Simon Whitlock reflects on his rebirth ahead of the Grand Slam showdown with Michael van Gerwen | Darts news



Simon Whitlock is making an offer to advance to the Grand Slam semi-finals of Darts for the first time in his career.

Simon Whitlock is making an offer to advance to the Grand Slam semi-finals of Darts for the first time in his career.

Michael van Gerwen appears to be a man on a mission to the Grand Slam of Darts, having given up just six legs to reach the quarter-finals, yet the prospect of facing world number 1 is not scary for Simon Whitlock.

‘The Wizard’ represented the Dutchman at this year’s World Matchplay and World Grand Prix, and he is confident he will conjure more magic to complete a stunning hat-trick of major wins against the three-time world champion.

Prior to his complete 11-4 win over Van Gerwen at Matchplay, the lovable Aussie had lost his last 15 fights to MVG, a record that dates back to October 2016.

So what’s the secret of his recent success against the best player in the world?

“I think it’s just faith and trust,” Whitlock told al Darts Show Podcast.

“I’ve been training well, I’ve played a lot of darts online this year, so my game is in a really good stage. I’m really happy with my set-up, my darts, which is all about confidence.

“I beat Michael [van Gerwen] the last two times on TV in the majors, so I definitely have the game. He’s just performing on the day. If I feel good and everything works, then I can beat anyone.

Whitlock’s Matchplay success against “Mighty Mike” spawned many titles, although his Grand Prix triumph was arguably more impressive.

“I’m not done playing. I’m even more excited than ever – I still play roughly three, four times a week.”

Whitlock on his passion for sports …

The Aussie was in inspired form, becoming the first player outside of Van Gerwen and Phil Taylor to register an average of tons more in the double start event, on a best of five set format.

The two-time world finalist will embark on his fourth Grand Slam quarter-final on Sunday night, but he has never made it past the last eight in 10 appearances.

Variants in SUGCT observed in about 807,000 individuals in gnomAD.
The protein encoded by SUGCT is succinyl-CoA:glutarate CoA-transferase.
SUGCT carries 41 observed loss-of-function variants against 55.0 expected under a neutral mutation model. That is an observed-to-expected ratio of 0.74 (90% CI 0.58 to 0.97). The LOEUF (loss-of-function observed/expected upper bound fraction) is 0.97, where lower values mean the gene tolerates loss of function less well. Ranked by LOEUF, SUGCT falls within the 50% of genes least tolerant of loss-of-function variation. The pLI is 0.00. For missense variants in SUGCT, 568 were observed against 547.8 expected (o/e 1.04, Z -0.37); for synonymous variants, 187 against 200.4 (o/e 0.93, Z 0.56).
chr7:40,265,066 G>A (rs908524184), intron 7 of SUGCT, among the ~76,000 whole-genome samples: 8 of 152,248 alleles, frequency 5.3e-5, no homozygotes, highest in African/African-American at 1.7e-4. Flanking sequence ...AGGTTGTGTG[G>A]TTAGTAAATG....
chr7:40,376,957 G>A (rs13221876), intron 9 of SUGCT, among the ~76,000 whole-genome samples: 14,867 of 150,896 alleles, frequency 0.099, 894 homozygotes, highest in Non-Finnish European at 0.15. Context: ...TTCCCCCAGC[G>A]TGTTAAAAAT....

His three previous quarter-final defeats have come against the trio of Phil Taylor, Scott Waites and Gerwyn Price, who went on to win the title.

Whitlock hopes history won’t repeat itself, but he’s enjoying his latest dusting with the 31-year-old – confessing that he prefers the cut and thrust of knockout darts, as opposed to the unpredictable round-robin format.

“I don’t really like the format. I don’t like the Italian group stuff – it doesn’t work for me,” admitted the former European champion.

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“Sometimes it’s not in your hands, but if you can get past it, then that’s good, because you get to the longest game, the knockout, and I like that part.”

However, the elongated format presents difficulties. Matches at best of 31 stages are normally a test of resilience, but this task is compounded by the current intensive player programs.

Despite taking first place in Group B with maximum points, the former World Cup finalist was strenuous in his 10-6 win over Adam Hunt on Friday, averaging 87 in a scrappy relationship.

Since the Darts World Cup kicked off in Salzburg on November 6, Whitlock has only had three days without playing competitive darts, and he admits it’s gradually taking its toll.

“This is tough. Coming back from Austria we only slept an hour and then I had to qualify that day too, which was really hard, but I’m really happy with that because I qualified and I’m in the last eight,” he added .